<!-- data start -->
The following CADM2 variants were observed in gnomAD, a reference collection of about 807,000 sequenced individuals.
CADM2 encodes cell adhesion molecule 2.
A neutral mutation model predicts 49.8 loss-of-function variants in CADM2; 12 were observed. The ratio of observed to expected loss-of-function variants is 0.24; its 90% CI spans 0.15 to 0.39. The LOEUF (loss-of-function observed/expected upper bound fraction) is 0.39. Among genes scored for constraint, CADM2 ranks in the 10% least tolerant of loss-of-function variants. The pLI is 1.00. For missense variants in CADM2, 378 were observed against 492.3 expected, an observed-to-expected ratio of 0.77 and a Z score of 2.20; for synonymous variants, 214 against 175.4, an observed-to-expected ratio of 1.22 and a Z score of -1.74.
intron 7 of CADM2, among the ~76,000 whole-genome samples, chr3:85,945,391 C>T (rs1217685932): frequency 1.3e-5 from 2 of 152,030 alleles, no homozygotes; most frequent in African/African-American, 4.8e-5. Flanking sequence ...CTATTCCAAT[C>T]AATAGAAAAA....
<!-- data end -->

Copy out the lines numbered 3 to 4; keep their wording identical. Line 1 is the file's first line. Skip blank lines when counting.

A neutral mutation model predicts 49.8 loss-of-function variants in CADM2; 12 were observed. The ratio of observed to expected loss-of-function variants is 0.24; its 90% CI spans 0.15 to 0.39. The LOEUF (loss-of-function observed/expected upper bound fraction) is 0.39. Among genes scored for constraint, CADM2 ranks in the 10% least tolerant of loss-of-function variants. The pLI is 1.00. For missense variants in CADM2, 378 were observed against 492.3 expected, an observed-to-expected ratio of 0.77 and a Z score of 2.20; for synonymous variants, 214 against 175.4, an observed-to-expected ratio of 1.22 and a Z score of -1.74.
intron 7 of CADM2, among the ~76,000 whole-genome samples, chr3:85,945,391 C>T (rs1217685932): frequency 1.3e-5 from 2 of 152,030 alleles, no homozygotes; most frequent in African/African-American, 4.8e-5. Flanking sequence ...CTATTCCAAT[C>T]AATAGAAAAA....